There’s a team from Penn competing for a national championship this weekend. But nobody would be surprised if you didn’t know that.
While a variety of the University’s perennial varsity teams are in the midst of quests for Ivy League titles and bids to their sports' respective end-of-season tournaments, Penn club tennis will take part in the United States Tennis Association Tennis on Campus National Championship in Cary, N.C., beginning on Thursday.
Competing against teams from 63 other schools across the nation, the Quakers are accustomed to the pressurized environment that accompanies playing at nationals, having qualified for the tournament in each of the past four seasons. However, for the casual tennis fan, the structure of club tennis may be anything but familiar.
In a varsity tennis match at the collegiate level, two teams compete in three doubles games for a single point. Once a team has captured two of those matches, it secures the point, before immediately taking part in six singles matchups, with each match winner earning an additional point.
However, the USTA’s Tennis on Campus program differs wildly from that model. Whereas varsity tennis sees teams aim for the highest point total (out of seven) via singles matches, co-ed groups have their players compete in a combination of men’s singles, women’s singles, men’s doubles, women’s doubles and mixed doubles matches.
And, similar to the World TeamTennis model, squads do not win based on the number of individual matches secured. Instead, the team that wins the most overall games is the victor.
It isn’t just fans who may be confused by what they see on the court. For many players who competed in the sport at younger ages, transitioning can be incredibly difficult too.
“For people who have played tennis their whole lives, it’s very weird,” Penn club tennis co-captain Vivek Nimgaonkar said. “It’s very different from a normal varsity high school or Division I match. There’s definitely a lot that’s different to get used to.”
In addition to the unconventional structure of the head-to-head matches, teams are also able to substitute players in for one another, even in singles games.
“Switching people in can be challenging,” Nimgaonkar said. “It can throw off your rhythm if you’re beating one guy and the other team substitutes someone else in. It can also take time to adjust, and that knocks you off your game a little bit.
“In this type of tennis, that can be costly. It’s not just good enough to win the match, you need to fight for every point.”
Like most teams in college sports, the Quakers take part in a variety of contests early in the season before eventually entering a stretch run. Whereas most of Penn’s teams face nonconference opponents before buckling down for Ivy League play, the club tennis program competes in local dual matches and tournaments before beginning its quest to qualify for nationals later in the spring.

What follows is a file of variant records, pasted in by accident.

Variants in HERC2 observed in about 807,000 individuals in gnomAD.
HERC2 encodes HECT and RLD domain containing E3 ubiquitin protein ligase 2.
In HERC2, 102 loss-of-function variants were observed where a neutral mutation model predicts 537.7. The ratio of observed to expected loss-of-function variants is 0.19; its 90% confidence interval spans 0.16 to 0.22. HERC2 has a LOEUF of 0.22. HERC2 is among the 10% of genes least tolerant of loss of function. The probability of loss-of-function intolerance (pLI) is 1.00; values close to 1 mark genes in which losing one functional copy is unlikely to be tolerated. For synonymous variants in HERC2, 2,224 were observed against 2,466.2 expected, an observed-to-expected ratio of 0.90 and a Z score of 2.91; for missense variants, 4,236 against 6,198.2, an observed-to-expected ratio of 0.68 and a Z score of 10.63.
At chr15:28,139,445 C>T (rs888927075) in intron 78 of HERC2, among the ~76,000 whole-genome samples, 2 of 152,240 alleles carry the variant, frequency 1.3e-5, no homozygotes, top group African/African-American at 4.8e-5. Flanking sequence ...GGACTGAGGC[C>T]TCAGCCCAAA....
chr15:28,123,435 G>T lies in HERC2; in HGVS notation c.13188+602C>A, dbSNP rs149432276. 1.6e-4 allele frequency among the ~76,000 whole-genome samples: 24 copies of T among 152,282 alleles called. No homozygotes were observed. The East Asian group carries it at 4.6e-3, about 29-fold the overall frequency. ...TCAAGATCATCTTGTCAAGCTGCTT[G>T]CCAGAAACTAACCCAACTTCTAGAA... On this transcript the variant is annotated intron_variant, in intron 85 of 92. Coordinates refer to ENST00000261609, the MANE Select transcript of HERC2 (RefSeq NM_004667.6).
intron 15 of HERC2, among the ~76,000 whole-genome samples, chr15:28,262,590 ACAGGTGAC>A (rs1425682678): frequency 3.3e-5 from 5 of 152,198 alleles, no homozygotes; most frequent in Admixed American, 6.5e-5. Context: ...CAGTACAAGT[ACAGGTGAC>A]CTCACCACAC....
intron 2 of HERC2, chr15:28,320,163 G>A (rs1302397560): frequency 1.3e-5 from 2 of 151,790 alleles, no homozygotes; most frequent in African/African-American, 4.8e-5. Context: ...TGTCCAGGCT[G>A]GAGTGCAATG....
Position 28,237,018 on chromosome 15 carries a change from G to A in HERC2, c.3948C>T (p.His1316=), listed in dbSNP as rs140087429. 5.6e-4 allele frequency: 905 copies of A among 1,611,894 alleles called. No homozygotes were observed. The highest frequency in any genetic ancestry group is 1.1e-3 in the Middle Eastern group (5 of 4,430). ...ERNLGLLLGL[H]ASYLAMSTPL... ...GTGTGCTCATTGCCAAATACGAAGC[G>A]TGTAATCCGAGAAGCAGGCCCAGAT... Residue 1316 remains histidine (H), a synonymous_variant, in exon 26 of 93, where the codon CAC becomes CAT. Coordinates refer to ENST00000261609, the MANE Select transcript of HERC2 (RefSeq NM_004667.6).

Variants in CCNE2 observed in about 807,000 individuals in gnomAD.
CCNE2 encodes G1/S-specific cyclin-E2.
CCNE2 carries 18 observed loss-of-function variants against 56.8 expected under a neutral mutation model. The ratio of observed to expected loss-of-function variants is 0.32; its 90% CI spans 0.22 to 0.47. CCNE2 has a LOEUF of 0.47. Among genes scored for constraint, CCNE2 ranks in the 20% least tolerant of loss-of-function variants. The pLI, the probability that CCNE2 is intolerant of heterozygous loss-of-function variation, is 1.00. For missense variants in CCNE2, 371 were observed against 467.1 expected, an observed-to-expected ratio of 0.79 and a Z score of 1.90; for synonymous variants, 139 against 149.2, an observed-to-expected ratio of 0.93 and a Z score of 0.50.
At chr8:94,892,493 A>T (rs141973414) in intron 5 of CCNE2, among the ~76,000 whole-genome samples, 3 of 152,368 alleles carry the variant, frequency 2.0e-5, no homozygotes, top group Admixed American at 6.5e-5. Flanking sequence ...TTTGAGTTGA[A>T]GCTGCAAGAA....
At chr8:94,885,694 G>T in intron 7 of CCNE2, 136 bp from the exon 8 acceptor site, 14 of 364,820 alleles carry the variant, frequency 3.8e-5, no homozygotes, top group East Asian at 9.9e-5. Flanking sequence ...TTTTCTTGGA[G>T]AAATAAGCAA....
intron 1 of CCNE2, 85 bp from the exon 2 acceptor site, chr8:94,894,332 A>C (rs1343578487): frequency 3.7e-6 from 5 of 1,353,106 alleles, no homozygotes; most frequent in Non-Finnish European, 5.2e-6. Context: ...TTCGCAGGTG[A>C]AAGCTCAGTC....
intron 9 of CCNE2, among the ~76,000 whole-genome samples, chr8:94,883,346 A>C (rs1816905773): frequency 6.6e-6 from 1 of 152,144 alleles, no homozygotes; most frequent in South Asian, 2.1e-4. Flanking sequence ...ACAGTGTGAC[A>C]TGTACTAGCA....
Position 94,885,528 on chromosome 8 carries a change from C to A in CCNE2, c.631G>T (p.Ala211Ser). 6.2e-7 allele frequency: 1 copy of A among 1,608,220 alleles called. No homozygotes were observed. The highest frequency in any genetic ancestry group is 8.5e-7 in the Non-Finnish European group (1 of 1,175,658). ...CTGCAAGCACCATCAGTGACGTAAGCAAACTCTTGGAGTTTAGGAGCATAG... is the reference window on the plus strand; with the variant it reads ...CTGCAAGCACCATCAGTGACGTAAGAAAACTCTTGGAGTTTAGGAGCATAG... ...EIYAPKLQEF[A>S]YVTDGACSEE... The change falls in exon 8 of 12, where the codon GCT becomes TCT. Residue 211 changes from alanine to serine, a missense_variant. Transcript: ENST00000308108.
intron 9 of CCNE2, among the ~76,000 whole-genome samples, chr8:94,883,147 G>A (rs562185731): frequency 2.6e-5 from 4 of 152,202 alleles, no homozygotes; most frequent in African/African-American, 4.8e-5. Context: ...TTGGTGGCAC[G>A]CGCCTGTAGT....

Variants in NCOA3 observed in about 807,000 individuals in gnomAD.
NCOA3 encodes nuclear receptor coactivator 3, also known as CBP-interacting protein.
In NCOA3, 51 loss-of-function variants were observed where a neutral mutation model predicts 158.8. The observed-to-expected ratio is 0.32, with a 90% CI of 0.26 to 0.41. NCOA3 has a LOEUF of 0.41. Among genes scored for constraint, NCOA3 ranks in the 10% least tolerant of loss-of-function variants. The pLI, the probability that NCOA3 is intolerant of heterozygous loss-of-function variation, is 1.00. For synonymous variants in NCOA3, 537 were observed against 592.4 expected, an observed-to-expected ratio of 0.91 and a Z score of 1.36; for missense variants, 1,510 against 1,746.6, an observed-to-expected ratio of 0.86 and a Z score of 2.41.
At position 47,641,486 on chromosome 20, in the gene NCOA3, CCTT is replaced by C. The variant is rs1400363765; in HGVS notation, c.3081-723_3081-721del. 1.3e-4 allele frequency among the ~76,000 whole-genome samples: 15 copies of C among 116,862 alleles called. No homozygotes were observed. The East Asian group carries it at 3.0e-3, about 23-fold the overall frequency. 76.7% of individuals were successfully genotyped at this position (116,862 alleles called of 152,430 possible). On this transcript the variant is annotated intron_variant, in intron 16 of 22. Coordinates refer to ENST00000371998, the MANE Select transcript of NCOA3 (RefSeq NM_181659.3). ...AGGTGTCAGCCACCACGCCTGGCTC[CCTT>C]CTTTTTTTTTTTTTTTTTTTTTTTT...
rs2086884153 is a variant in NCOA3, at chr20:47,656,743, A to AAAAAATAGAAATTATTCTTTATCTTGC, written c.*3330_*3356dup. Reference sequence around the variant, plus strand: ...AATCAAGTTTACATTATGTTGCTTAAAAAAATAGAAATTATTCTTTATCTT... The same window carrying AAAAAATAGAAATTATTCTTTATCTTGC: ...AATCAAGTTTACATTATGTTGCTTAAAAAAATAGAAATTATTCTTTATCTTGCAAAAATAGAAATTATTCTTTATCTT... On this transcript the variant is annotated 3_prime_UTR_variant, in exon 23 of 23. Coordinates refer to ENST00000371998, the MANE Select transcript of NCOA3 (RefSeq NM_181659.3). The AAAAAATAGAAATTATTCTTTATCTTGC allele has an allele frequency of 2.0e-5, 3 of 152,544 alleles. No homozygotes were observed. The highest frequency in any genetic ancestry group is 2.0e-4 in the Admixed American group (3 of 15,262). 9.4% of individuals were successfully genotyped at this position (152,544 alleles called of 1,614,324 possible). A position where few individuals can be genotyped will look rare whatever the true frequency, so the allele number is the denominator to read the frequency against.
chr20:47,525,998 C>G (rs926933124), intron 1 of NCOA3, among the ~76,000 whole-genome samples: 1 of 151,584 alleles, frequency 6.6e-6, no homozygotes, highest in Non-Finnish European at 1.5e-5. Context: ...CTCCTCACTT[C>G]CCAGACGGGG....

At the beginning of the year, the squad — which usually features around 10 men and 10 women each season, all of whom have experience playing at the high school or club level — does battle with nearby opponents. The Red and Blue often face in-state rivals, such as Villanova, Penn State and Temple, as well as Delaware and Columbia. They even went to a tournament in Wisconsin this season.
Beyond taking on a handful of the 600 schools that take part in Tennis on Campus, the Quakers also face opponents in a sectional tournament. Out of the approximately 20 teams in attendance, the four teams to reach the event’s semifinals usually qualify for nationals.
With that in mind, Penn was heartbroken when it dropped a close match to Pittsburgh in the quarterfinal of its sectional. However, because each school can send only one team to nationals, when two of Penn State’s teams reached the sectional’s semifinals, the Quakers were the unlikely benefactors.
“We had a bit of a non-traditional route to nationals,” Nimgaonkar said. “In addition to the three teams that qualified because of the semifinals, we ended up having a playoff between us, Villanova and Delaware. We beat both of them, but it was a little too close for comfort.”
In addition to its sheer ability to qualify for the 64-team tournament, the club’s most impressive aspect is that it is completely student run.
“There are a few tournaments — including nationals — that are run by the USTA, so those are set up by others,” Nimgaonkar said. “But we as members of the club do the registration, sign up for tournaments and run the team.”
Unlike some of the teams the Quakers may see at nationals, the squad also does not have any outside coaching. Instead, the team’s co-captains — Nimgaonkar and Lauren Rosenstock, the women’s captain — are in charge of establishing lineups and running practices.
“It definitely does make things more difficult,” Nimgaonkar said. “If you’re one of the people in the lineup and captain at the same time, there can be what seems like a conflict of interest by putting yourself there. And it can also be hard at times to pull someone off the court in the middle of a match.
“It can be fraught with some problems, but we’re lucky because everyone we have buys into the team and trusts [the captains’] judgment.”
The team’s ability to trust one another may be pivotal against some of the best teams in the country this weekend. Penn will be matched up against Northeastern, UCF and Indiana in its four-team group beginning Thursday.
“In my time on the team, I feel like this is our strongest group with the most upside I’ve ever seen,” Nimgaonkar said. “It really just depends on how we finish in our first few matches in group play. If we can come out and do really well against Northeastern, we should have a solid chance of accomplishing some great things this weekend.”Comments powered by Disqus
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